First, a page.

As seen in the Canadian Lawyer Magazine: https://www.
In its landmark decision on the boundaries, reach and substance of the judicial review of administrative law decisions, the Supreme Court of Canada in Vavilov v. MCI 2019 SCC 65 revealed a grammatical “tick” that may be key to the full implications of the decision. We all have them: words or phrases we unconsciously reuse in our daily conversations or writing and may never even notice until and unless someone points it out. Lawyers learn of this the hard way, in a grimace-inducing read of a transcript of a discovery or cross examination in which the words are there, in black and white, with no take backs. I never realized I used the word, “Okay” a thousand times in the course of questioning a witness or in a simple conversation, until I saw it there on the transcript page, over and over and over and over again… a hideous reminder of my lack of vocabulary!
Some argue that the ticks we develop reveal a lot about what we really mean when we communicate as it is not the conscious mind producing the repetition, but the inner world. Mine just has the letters “OK” in it.
But the judges of the Supreme Court of Canada are deeper thinkers and have more on their minds. When they use a word, it has meaning, whether they consciously intended it or not. In more limited, but telling fashion, the Supreme Court of Canada in the Vavilov decision has revealed something to us when on three separate parts of the case they use the word “grapple.” The Court initially says that a failure of a decision maker to grapple with the severe or harsh consequences of a decision may render the decision unreasonable. Later on, they note that referring to legislative history is not enough, but that the tribunal must grapple with the elements of that history. Finally, the Court directs decision makers to grapple with the arguments or legal reasoning put to them.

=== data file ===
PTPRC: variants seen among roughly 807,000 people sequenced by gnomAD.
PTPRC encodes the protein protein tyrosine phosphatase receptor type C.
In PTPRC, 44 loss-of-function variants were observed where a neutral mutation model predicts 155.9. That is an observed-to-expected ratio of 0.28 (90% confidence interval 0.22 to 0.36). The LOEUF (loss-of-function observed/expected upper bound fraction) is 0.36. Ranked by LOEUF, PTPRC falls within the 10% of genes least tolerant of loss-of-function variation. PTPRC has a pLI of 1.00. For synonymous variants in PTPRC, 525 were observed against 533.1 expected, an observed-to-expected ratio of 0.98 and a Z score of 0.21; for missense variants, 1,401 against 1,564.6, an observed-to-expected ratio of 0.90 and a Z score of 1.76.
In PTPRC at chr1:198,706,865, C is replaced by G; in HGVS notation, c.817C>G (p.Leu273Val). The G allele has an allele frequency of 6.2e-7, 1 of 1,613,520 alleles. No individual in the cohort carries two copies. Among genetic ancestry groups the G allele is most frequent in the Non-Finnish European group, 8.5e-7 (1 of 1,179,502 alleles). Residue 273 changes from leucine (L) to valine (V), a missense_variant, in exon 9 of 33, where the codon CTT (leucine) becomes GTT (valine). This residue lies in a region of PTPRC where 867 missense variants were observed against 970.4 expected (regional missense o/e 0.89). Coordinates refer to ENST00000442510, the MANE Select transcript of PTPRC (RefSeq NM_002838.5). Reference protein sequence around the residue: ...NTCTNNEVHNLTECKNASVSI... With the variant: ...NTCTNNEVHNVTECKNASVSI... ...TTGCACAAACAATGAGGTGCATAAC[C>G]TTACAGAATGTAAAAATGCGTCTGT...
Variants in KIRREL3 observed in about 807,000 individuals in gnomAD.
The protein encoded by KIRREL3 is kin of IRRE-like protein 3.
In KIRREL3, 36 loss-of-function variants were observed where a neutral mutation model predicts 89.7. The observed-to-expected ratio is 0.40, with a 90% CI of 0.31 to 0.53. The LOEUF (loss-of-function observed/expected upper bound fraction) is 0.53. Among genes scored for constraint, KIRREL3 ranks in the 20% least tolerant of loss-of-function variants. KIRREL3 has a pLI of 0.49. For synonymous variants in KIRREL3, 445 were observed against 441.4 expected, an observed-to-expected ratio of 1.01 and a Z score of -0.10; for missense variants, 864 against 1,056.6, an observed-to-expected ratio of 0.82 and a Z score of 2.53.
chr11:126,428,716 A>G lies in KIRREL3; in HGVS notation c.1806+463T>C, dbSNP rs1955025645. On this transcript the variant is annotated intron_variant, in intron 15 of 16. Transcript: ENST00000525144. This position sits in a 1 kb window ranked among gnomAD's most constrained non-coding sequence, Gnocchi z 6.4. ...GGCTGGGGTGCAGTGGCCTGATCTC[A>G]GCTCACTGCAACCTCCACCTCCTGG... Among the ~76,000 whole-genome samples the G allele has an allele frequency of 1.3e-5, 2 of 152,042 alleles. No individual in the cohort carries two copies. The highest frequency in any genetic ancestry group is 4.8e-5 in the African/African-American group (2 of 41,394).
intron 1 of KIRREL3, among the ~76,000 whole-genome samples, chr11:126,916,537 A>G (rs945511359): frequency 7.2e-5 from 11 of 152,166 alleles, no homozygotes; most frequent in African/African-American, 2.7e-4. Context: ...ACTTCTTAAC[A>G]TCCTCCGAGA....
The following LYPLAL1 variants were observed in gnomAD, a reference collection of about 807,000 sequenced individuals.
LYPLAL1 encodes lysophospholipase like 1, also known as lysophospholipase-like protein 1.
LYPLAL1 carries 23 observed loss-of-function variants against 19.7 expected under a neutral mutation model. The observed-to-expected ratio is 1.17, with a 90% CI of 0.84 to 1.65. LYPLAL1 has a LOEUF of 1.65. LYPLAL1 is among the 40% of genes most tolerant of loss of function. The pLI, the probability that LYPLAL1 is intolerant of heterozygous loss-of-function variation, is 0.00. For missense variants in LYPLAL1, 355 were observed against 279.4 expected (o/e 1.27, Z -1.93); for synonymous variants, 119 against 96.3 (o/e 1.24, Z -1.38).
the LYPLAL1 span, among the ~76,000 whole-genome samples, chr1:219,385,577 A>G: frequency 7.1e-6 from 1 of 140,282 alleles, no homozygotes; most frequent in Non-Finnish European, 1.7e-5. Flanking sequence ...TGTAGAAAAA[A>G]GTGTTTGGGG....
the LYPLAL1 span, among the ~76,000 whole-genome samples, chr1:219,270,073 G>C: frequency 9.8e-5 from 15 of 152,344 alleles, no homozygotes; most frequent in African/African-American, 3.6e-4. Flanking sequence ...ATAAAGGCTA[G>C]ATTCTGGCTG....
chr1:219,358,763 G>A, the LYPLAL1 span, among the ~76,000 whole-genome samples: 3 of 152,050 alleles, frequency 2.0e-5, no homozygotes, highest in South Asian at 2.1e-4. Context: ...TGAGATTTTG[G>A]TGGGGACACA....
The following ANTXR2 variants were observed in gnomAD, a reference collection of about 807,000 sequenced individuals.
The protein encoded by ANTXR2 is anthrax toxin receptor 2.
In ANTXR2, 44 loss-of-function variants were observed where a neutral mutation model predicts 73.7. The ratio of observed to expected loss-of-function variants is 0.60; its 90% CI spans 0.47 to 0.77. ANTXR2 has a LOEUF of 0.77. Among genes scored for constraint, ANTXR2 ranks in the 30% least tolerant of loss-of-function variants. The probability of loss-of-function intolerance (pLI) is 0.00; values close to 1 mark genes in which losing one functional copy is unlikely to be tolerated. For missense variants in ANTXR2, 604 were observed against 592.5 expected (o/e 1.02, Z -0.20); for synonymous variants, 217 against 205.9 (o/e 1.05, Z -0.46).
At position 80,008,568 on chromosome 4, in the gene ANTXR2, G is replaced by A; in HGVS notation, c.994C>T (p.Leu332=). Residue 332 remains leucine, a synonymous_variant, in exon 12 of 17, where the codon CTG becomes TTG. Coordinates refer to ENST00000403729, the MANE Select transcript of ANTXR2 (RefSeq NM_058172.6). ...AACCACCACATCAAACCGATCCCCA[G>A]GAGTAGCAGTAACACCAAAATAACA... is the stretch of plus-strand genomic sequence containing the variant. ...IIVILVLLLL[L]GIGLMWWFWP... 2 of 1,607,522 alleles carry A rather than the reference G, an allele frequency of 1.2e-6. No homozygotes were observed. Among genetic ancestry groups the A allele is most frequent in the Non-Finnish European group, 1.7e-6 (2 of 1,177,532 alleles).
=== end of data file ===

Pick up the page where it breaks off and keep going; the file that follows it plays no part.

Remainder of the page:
What all of this means is that the Court was disturbed by the fact that the decision maker in Vavilov, and other cases, did not give due attention and thought, to substantive legal argument made to her. Mentioning an argument and moving on is no longer enough. For a decision to be reasonable, some grappling has to occur and be evident in the decision.
The Federal Court is getting the message.
In a recent decision of the Court in Ahmed v. MPSEP 2020 FC 507, Justice Ahmed overturned a decision of a Minister’s Delegate for failing to meaningfully grapple with the expert opinion of an academic who concluded that the application would be at risk if forced to return to Somalia, a country he had left at age 7 and with the evidence of his inability to cope with a new life in Somalia. At the time the case was heard, he was 37 years old! Somalia, as you may know, is a failed state. The “government” such as it is, controls a small portion of the country, largely the capital of Mogadishu. The rest is under a loose domination of a number of warring entities, including Al Shabaab. Al Shabaab is a terrorist organization with extreme religious views and intolerance. They are known for brutal and dehumanizing conduct toward enemies, those perceived as enemies and those who do not follow their strict religious doctrine. In short, they are a monstrous aberration which rose from the chaos of war and famine, and for persons like the Applicant, coming from the west after so long an absence – they are to be feared, and rightly so. The expert, a renowned scholar from Oxford University, relied on by CBSA itself for consultations, believed that the Applicant would be perceived as a non-believer, and perhaps even a Western spy and subjected to torture, and murder. Because that is what Al Shabaab does.
In deciding that the applicant was not at risk and could return safely to Somalia and re-affirm his life there, the Minister’s Delegate touched on the arguments and evidence made, including the expert report, but failed to grapple with it. As the Court stated:
Although the Delegate listed the H&C considerations, the analysis was superficial and demonstrated a “failure to grapple with the consequences” of removal to the Applicant (Vavilov at para 134). As the Applicant came to Canada as a child at the age of 7, the Applicant lacks an understanding of the Somali language and culture, does not have family members in Somalia, and has absolutely no support in Somalia that could assist in his reintegration. The Applicant’s life and reintegration in Somalia will not only be “difficult” as described by the Delegate, but nearly insurmountable.
Whether a Supreme Court grammatical tick or not, the requirement to fully analyse and come to terms with evidence and arguments put before tribunals, is now entrenched. The tribunals must grapple and show that they grappled. No longer is a tick box type answer appropriate.